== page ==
CANBERRA OBSERVED: by national correspondentNews Weekly
New guard Labor's two colossal mistakes
, April 13, 2013
As Wayne Swan puts the finishing touches to what will almost certainly be his last federal Budget, he is facing a revolt from his own backbench over proposed savings measures, particularly with regard to superannuation.
While the issue is ostensibly about whether super rules should be “left alone” or not taxed retrospectively, it actually underlines a more fundamental split in the Labor Party between its old guard and its new guard. The latter has pledged their unswerving allegiance to Julia Gillard despite the likely prospect of a debilitating defeat.
The list of well-regarded and experienced MPs who have now separated themselves from Julia Gillard’s leadership and brand of Labor is extraordinary. They include John Faulkner and Lindsay Tanner, who quit the very day Ms Gillard dislodged Kevin Rudd as prime minister, and, more recently, Simon Crean, Martin Ferguson, Chris Bowen and Kim Carr.
Former ACTU secretary and one of the architects of Australia’s super system Bill Kelty can be added to the list.
Labor’s modern-day split is complex, and as much to do with the cult of personality than with ideological questions; but one aspect of it is Gillard and Swan’s junking of the Hawke-Keating legacy.
Labor’s old guard holds that the Hawke-Keating period was a model for Labor, both ideologically and in practical terms, in the sense of showing how Labor could run a good stable and sensible government.
One is reminded of the famous line of former Democratic Labor Party Senator Frank McManus, quoted recently in the federal Parliament by the DLP’s current Victorian senator, John Madigan: “The best government for Australia is a good Labor government; the worst a bad Labor government.”
Whatever its faults, the Hawke-Keating Labor Government was a government of the middle ground, a pro-business, outwardly-looking administration that sought consensus, shunned extremism and sought always to be economically responsible.
It must be said that towards the end Paul Keating did not exactly adhere to the consensus model; but people such as Ferguson and Crean, who helped shift the thinking of a much larger and more militant union movement at the time, view his economic achievements as something Labor should be proud of rather than shun.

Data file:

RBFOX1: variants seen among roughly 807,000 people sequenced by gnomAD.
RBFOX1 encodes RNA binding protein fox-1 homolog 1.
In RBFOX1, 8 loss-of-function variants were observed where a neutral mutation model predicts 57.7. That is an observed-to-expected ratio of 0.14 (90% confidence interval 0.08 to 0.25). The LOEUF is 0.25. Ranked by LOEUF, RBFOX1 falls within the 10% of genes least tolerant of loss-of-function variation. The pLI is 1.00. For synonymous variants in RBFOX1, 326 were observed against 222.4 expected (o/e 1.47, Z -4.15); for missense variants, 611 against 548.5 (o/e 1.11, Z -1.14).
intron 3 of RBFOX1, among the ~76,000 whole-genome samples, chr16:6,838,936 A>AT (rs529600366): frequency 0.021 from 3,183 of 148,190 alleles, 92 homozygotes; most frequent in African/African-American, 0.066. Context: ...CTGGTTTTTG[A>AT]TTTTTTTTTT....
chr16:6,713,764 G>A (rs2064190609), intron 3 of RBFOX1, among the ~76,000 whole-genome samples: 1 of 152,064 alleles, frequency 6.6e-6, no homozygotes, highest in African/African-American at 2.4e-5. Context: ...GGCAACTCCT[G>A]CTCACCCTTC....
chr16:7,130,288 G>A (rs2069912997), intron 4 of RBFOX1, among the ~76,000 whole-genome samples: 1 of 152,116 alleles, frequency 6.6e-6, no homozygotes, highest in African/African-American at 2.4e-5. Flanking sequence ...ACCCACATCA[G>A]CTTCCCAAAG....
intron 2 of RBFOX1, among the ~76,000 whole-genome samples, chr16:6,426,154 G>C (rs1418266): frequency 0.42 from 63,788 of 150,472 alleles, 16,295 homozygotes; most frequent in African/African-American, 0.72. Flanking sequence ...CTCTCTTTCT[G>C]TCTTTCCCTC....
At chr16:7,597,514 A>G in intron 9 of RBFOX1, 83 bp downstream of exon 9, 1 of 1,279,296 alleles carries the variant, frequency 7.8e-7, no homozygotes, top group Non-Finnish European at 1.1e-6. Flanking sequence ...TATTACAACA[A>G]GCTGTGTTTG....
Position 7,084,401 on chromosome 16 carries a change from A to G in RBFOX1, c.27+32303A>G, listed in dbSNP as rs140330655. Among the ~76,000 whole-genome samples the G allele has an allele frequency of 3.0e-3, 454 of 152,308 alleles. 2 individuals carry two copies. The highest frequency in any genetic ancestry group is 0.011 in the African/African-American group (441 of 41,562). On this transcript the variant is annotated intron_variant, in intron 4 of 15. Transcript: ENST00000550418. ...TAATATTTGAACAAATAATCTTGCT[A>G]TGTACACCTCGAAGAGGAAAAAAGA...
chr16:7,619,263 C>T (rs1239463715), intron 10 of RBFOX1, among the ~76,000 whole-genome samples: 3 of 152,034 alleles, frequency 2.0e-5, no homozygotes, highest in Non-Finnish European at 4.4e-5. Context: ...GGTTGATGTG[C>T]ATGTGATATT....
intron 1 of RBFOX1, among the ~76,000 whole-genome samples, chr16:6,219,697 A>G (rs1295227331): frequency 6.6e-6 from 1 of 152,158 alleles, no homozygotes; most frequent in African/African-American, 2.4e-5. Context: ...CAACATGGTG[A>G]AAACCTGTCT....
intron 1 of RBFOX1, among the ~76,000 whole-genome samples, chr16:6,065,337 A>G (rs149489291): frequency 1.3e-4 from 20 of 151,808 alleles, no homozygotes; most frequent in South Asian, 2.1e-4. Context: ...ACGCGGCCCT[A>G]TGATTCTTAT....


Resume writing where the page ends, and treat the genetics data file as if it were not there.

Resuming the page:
Gillard and Swan have chosen a different route — divide Australia along class lines, create a “gender war” and demonise foreign immigrants on short-term work visas.
Instead of staking out the middle ground, Gillard Labor has swung to the left, opportunistically seizing on disparate issues, from live-meat exports to drugs in sport, to parade its political stripes.
Mr Swan wants to rein in the super tax concessions available to high net worth individuals; but the rhetoric will be about getting Australia’s rich to pay their fair share and giving instead to those who are “doing it tough”, as the Treasurer often likes to describe it.
The Gillard-Swan strategy aims to recapture the Labor heartland by appealing to the less affluent’s basest fears about losing their jobs to foreign workers and being ripped off by the super rich, especially the mining magnates.
The problem is that erratic decision-making, a litany of failed promises, and the embrace of the radical Greens have already broken the nexus with the Labor heartland.
Watching Labor’s best men walk away from the government only reinforces the heartland’s instincts that Gillard Labor has lost its way.
Labor is paying a heavy price for two colossal mistakes — a failure during the Howard years and in government to agree on what it believed in and how it proposed to govern. It wasted too many years building up then cutting down messiahs who they hoped would lead them out of the wilderness: Beazley, Crean, Latham, Rudd.
The truth is Labor still doesn’t know which direction to take. Former leader Mark Latham recently recommended that Labor ditch its social democratic ideology and become a climate change party, because he believes this will be the great policy imperative of the next 100 years.
The second great mistake has been Labor’s inwardness, its failure to recruit outside the shrinking and increasingly inbred Labor family. This means recruiting from political staffers, branch-stackers and union officials, who have never been employed by any organisation other than the Labor Party or a union.
One has only to look at the first Hawke ministry, which included doctors, farmers, teachers and academics, a policeman, a shearer, a prisoner of war, a quiz champion, and people with business, accountancy and economic backgrounds.
Hawke ran his government properly, thrashing out decisions in Cabinet through proper Cabinet processes. He took unilateral decisions only occasionally and usually when required. Under Gillard the opposite appears to be the case.
On the surface, Labor’s old guard are asking: why are we messing with super when it is the greatest achievement of the last two decades?
Deeper down they are asking: do Labor’s new guard have any idea what they are doing?